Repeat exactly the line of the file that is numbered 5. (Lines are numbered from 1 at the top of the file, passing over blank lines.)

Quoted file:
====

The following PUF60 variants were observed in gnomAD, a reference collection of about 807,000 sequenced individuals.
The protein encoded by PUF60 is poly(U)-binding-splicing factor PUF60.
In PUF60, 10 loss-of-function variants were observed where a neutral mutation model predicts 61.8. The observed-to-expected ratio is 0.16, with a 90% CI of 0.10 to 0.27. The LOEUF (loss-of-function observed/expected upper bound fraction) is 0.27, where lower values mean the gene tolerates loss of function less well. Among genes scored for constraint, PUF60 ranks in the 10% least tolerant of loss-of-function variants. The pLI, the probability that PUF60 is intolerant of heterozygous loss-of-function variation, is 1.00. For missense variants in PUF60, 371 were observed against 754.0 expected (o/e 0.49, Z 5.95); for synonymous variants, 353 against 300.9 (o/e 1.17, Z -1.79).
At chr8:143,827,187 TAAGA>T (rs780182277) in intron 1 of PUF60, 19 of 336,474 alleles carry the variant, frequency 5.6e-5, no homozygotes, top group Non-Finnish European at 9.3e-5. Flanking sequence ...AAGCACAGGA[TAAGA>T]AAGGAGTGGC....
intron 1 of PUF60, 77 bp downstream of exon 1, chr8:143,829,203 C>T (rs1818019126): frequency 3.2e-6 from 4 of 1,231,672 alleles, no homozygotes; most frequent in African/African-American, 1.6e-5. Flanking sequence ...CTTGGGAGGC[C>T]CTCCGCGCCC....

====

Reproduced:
intron 1 of PUF60, 77 bp downstream of exon 1, chr8:143,829,203 C>T (rs1818019126): frequency 3.2e-6 from 4 of 1,231,672 alleles, no homozygotes; most frequent in African/African-American, 1.6e-5. Flanking sequence ...CTTGGGAGGC[C>T]CTCCGCGCCC....